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 March 6, 2024

Former Trump Organization CFO Allen Weisselberg pleads guilty to perjury charges in NYC court

Former Trump Organization CFO Allen Weisselberg pleaded guilty to perjury in a Manhattan court Monday, the Associated Press reported. The 76-year-old is on the hook for statements he made testifying during former President Donald Trump's civil fraud case in New York.

The plea deal means Weisselberg will serve five months in jail after his April sentencing hearing. He's already spent 100 days in prison for failing to pay taxes on gifts from his employer.

The retired CFO had been employed by the Trump family for almost half a century. Weisselberg was respected and treated well, including receiving a $2 million severance upon his retirement.

Trump has continued to pay his legal bills through all of the ordeal. However, Trump's detractors have been after Weisselberg in an attempt to use those connections to get Trump on something significant.

The Case Against Weisselberg

Weisselberg is useful to the courts as Trump is the target of several cases. One of those cases includes prosecution over alleged hush money payments brought by Manhattan District Attorney Alvin Bragg.

"It is a crime to lie in depositions and at trial — plain and simple," a statement from Bragg's office noted. The trial is set for March 25, but part of the plea deal includes an agreement that Weisselberg won't have to testify further in that case.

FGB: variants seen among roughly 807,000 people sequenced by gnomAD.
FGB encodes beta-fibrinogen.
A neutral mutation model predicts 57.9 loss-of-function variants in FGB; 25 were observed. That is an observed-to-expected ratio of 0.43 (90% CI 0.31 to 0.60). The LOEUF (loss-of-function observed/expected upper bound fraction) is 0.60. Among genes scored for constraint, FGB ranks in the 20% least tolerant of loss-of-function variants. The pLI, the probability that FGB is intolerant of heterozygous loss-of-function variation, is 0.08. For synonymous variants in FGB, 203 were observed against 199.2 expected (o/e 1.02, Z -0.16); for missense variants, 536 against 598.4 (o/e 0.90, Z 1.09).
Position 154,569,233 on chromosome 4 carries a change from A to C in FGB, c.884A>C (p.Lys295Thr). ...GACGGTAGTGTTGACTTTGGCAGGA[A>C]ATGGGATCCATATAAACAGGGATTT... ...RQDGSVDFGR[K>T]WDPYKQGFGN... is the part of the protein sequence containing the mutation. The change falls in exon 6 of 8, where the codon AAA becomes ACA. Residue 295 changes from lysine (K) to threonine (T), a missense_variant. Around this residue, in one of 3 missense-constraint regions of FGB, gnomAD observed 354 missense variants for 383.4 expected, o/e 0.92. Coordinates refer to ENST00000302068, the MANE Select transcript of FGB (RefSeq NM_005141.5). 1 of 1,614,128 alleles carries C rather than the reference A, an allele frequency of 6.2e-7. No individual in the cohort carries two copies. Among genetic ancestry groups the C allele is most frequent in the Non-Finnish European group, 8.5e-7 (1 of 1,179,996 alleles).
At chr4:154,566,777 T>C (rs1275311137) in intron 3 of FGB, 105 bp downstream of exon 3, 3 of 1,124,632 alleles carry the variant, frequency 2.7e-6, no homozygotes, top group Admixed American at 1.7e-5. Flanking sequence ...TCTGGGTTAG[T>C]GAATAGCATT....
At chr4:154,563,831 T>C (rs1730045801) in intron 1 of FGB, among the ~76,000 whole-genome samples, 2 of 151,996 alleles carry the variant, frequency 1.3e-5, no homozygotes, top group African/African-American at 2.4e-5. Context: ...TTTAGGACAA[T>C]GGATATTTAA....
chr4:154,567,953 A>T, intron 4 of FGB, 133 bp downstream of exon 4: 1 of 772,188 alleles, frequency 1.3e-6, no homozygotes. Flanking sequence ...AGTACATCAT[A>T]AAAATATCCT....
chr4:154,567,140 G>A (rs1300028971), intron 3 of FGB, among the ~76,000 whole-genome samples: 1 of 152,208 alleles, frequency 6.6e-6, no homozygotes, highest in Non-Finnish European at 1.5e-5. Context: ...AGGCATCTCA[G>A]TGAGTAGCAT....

The former CFO accepted two counts of perjury for allegedly lying during a lawsuit New York Attorney General Letitia James brought against Trump for allegedly overvaluing his assets. As the CFO, Weisselberg would have known the value and cooperated in the supposed scheme but claimed not to.

The charges come from Weisselberg's testimony given in July 2020 and May 2023. However, he has only copped to the most recent testimony so as not to interfere with the plea bargain on his tax evasion case.

"Allen Weisselberg looks forward to putting this situation behind him," a statement from his attorney Seth Rosenberg said. Weisselberg's ordeal may be mostly behind him, but he's only a pawn in a larger game.

A Political Witch Hunt

Throughout these trials, Trump has maintained his innocence and said it was the work of Bragg, a partisan Democrat. Trump's attorney, Christopher Kise, railed against Weisselberg's prosecution as bait to catch Trump, the bigger fish.

"This plea was no doubt extorted by threatening an elderly and innocent man with immediate and lengthy incarceration. Such alarming, shameful, and oppressive tactics have no place in our justice system and expose the citizens of New York to irreparable and life-altering harm," Kise said.

Caught up in the scheme is Weisselberg, who was handcuffed despite his old age and the fact that he surrendered himself. Judge Laurie Petersen questioned him in the Manhattan court about his knowledge of the value of Trump's luxury penthouse in Manhattan.

"You knew that testimony was false?" Petersen asked him. "Yes," Weisselberg responded.

Trump is getting closer to becoming the nominee in the 2024 GOP presidential primary. Democrats are scared of the prospect of another Trump presidency, and these cases and the collateral damage they're causing are likely linked to that fact.

Written By:
Christine Favocci

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